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Ok, I'll Take It - 56%

Metal_Thrasher90, November 10th, 2007

So we got here one charming visual complilation of the Belladonna years. No promo-clip seems to be missing on this DVD, unlike some other lazy video releases from other bands, which always miss one, two or a thousand ones intentionally, usually due to distinct record label rights and shit, something pretty irritating. Am I the only one who's still waiting for Van Halen’s Video Hits Vol.2, supposed to recover the bunch of missing Diamond Dave era clips Vol.1 unashamedly ignored? Besides, this one's main feature is a little longer than just a brief hour, so hah, rejoice inquisitive fans!

The DVD features almost all clips from Joey Belladonna’s era, plus some few highlights live from U.S. Speed Metal Attack, N.F.V. (Oidivnikufesin) and Through Time lost and forgotten home videos, to this day unreleased in this compelling format (except for some bootleg or infamous deluxe edition bonus), so we even have to be grateful. As for the videos, what to say? Yeah, they’re funny and done enthusiastically - think of “Madhouse” with the band themselves, friends, family and music press acquaintances having a ball, kinda stoned (those who don't laugh watching it may rot in Hell), the blasphemous, yet appealing “Bring Tha Noize” cover with Public Enemy themselves or “Indians”, with Joey going over-the-top (tight pants taking their toll?). Unfortunately, a typical habit in promo-videos like these is cutting the original song blatantly or sticking in some single, edited mostly incoherent shorter version, which is often the case here.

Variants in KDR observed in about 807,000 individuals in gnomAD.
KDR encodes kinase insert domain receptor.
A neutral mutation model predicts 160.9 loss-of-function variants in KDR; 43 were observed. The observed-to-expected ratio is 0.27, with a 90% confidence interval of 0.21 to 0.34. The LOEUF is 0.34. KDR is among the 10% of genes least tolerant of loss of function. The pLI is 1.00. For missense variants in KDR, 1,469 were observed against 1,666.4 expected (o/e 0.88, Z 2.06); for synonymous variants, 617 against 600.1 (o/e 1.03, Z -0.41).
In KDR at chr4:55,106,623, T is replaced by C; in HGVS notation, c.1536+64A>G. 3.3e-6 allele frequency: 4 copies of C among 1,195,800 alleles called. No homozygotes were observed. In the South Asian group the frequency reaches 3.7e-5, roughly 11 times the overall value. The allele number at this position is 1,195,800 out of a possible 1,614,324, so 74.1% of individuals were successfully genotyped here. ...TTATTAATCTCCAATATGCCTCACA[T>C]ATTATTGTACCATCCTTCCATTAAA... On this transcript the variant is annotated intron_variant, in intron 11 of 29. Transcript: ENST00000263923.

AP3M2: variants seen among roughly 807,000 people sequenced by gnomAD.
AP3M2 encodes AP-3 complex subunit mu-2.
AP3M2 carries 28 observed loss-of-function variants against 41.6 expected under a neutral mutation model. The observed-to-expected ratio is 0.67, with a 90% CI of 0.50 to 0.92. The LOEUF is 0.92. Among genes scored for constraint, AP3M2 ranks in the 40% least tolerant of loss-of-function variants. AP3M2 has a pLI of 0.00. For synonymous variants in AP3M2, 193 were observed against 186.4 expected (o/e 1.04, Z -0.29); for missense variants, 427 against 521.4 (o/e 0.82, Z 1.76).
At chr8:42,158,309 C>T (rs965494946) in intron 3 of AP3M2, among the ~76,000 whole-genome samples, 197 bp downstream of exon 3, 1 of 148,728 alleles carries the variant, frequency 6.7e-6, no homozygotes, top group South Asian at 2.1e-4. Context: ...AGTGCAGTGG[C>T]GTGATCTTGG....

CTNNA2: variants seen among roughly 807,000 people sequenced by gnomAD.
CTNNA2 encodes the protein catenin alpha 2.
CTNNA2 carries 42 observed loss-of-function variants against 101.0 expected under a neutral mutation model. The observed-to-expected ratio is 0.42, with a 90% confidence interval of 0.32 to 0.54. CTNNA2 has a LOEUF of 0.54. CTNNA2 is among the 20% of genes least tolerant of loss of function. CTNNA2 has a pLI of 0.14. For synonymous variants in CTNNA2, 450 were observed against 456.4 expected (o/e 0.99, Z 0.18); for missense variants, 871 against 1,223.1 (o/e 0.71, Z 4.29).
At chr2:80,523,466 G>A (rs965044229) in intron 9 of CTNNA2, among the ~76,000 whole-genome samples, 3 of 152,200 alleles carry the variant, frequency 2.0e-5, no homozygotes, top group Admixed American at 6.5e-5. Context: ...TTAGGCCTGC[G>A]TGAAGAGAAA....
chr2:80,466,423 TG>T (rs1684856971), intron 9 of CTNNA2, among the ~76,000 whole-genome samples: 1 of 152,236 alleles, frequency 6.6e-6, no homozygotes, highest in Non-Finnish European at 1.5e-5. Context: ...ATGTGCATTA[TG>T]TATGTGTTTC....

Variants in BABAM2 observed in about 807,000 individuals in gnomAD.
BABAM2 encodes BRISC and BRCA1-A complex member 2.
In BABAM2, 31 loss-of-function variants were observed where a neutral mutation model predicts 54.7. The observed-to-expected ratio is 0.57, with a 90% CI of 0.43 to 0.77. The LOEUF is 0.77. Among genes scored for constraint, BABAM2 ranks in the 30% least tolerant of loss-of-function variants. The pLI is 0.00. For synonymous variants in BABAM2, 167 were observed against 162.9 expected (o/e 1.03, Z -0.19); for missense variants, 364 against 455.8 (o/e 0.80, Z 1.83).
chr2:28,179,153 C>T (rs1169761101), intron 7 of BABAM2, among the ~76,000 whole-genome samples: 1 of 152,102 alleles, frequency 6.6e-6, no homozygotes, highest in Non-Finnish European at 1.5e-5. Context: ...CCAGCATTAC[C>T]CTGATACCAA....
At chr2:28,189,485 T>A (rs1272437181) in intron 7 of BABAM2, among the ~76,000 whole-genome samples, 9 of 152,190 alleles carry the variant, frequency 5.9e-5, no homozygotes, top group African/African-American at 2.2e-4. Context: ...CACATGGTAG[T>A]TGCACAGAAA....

Extras include the “Madhouse” MTV version (anybody notice any difference?), a live montage of “I’m The Man” from the recurrent Through Time set-list again, plus a cool personal playlist option to avoid those cuts you hate, and an extensive, vacuous band commentary on every video. This extra in particular would have been too cool and brutally interesting, if they were exhaustive enough to included subtitles in some languages - non-English speakers like the author here will suffer.

Regardless of the occasionally dull, karaoke miming story plots on the clips, the stupidly edited shortest song versions, and the laziness from Island Records producers to include more live videos here, this DVD might satisfy we, the 'thrax fans, providing us more than an hour of old school nostalgia entertainment. Bush era fans had better stay away, most definitely. And you're right, “Antisocial” is fucking missing for some unknown reason. Why, why.